Classical Uber has arrived and this is the result

Last night I was at Snape Maltings for the first day of the William Alwyn Festival. The centrepiece of the evening concert was a powerful and persuasive performance of Alwyn's Fourth Symphony with John Gibbons conducting the Royal Philharmonic Orchestra. Complementing the little-known symphony were Glinka's Ruslan and Ludmilla Overture, Borodin's In the Steppes of Central Asia and Elgar's evergreen Cello Concerto with Jamie Walton as soloist. Although William Alwyn was a Suffolk resident his music did not find favour with Benjamin Britten. However and despite this, the blessed venue that Britten created allowed John Gibbons and his forces to remind us - if any reminder was needed - of the scandal of Alwyn's neglect. But......

The screenshot above was taken on the day of the concert. The grey seats were sold, the coloured seats were unsold. Which means Snape Maltings was two-thirds empty for the concert. Many explanations can be proposed for the poor attendance. As I have acknowledged, Alwyn's Fourth Symphony is little-know. But it was coupled with three crowd-pleasing works including the Elgar Concerto which is ranked at seventeen on the Richter scale of musical popularity, the 2017 Classic FM Hall of Fame. Another possible explanation is that the orchestra, conductor and soloist do not have the dubious distinction of being classical celebrities. Undoubtedly the hall would have sold out if Rattle and the London Symphony Orchestra had essayed Alwyn's symphony. But those who study form will know that John Gibbons' interpretations of Malcolm Arnold's music have been acclaimed, and further afield his recording of a new 'completion' of Bruckner's Ninth Symphony for the Danish Danacord label has been warmly received by critics. It can also be argued that filling the hall for a mid-week October evening concert on the Suffolk coast is a big ask; but the tickets were commendably low-priced for such a meaty programme. So despite these explanations I was still left pondering as to why an excellent and commendably balanced concert resulted in one of the emptiest halls I have seen in more than fifty years of concert going.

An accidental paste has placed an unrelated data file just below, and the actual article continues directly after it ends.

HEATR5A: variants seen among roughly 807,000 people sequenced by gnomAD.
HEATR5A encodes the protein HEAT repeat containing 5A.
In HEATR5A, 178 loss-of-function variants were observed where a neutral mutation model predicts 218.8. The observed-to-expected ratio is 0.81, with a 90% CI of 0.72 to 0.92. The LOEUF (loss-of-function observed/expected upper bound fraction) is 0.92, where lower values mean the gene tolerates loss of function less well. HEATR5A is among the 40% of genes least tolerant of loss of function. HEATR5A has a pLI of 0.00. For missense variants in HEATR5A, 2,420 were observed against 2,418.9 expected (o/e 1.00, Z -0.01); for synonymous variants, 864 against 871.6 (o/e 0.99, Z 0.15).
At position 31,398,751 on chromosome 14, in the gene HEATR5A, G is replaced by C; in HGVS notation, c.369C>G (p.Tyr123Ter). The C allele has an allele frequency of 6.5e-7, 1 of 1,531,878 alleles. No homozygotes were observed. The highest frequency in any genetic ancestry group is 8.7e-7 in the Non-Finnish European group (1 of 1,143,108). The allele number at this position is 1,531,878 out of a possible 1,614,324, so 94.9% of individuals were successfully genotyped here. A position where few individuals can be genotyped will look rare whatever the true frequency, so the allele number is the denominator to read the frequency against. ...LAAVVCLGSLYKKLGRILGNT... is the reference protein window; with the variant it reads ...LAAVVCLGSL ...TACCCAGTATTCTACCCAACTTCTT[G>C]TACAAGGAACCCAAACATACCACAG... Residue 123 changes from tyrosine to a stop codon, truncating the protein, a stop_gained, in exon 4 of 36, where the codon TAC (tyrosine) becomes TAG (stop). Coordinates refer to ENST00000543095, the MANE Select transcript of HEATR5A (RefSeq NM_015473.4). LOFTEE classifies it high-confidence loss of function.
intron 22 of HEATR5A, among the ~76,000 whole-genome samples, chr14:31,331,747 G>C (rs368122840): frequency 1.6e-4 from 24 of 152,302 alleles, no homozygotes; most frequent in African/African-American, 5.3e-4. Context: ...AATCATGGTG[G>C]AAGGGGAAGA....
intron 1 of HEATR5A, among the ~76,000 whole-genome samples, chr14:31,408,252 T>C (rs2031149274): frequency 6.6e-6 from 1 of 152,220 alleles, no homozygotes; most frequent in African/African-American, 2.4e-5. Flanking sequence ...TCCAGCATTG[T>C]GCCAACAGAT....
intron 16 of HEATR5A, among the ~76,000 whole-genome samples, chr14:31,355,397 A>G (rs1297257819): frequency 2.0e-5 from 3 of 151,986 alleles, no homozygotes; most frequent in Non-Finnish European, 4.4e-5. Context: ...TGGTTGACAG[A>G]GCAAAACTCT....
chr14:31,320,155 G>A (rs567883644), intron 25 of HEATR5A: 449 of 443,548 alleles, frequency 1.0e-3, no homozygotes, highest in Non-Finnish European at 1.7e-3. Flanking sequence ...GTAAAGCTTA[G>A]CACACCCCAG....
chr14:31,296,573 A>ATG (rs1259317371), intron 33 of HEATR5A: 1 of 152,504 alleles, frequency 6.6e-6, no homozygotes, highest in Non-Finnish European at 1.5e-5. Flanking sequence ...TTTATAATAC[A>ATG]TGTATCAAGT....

We should be very thankful that the William Alwyn Foundation and Snape Maltings are prepared to promote concerts that dare to omit a Mahler symphony, and they most definitely should not be blamed for the sparse audience last night. Empty seats at a concert of William Alwyn's music may not raise many eyebrows; but those at the recent Salonen Stravinsky/Ravel/John Adams BBC Prom and - even more surprisingly - at the Barenboim Birtwitle/Elgar BBC Proms should. (The many defenders of the classical status quo will cite encouraging overall attendance figures for the BBC Proms. But the Proms enjoy 'free' high profile advertising on BBC Radio and TV which would cost in excess of £1 million if bought at market rates. Attendances at celebrity concerts are also showing more resilience due to classical music's shift to a rock music business model; this resilience is however at the expense of non-celebrity events such as last night's Snape concert).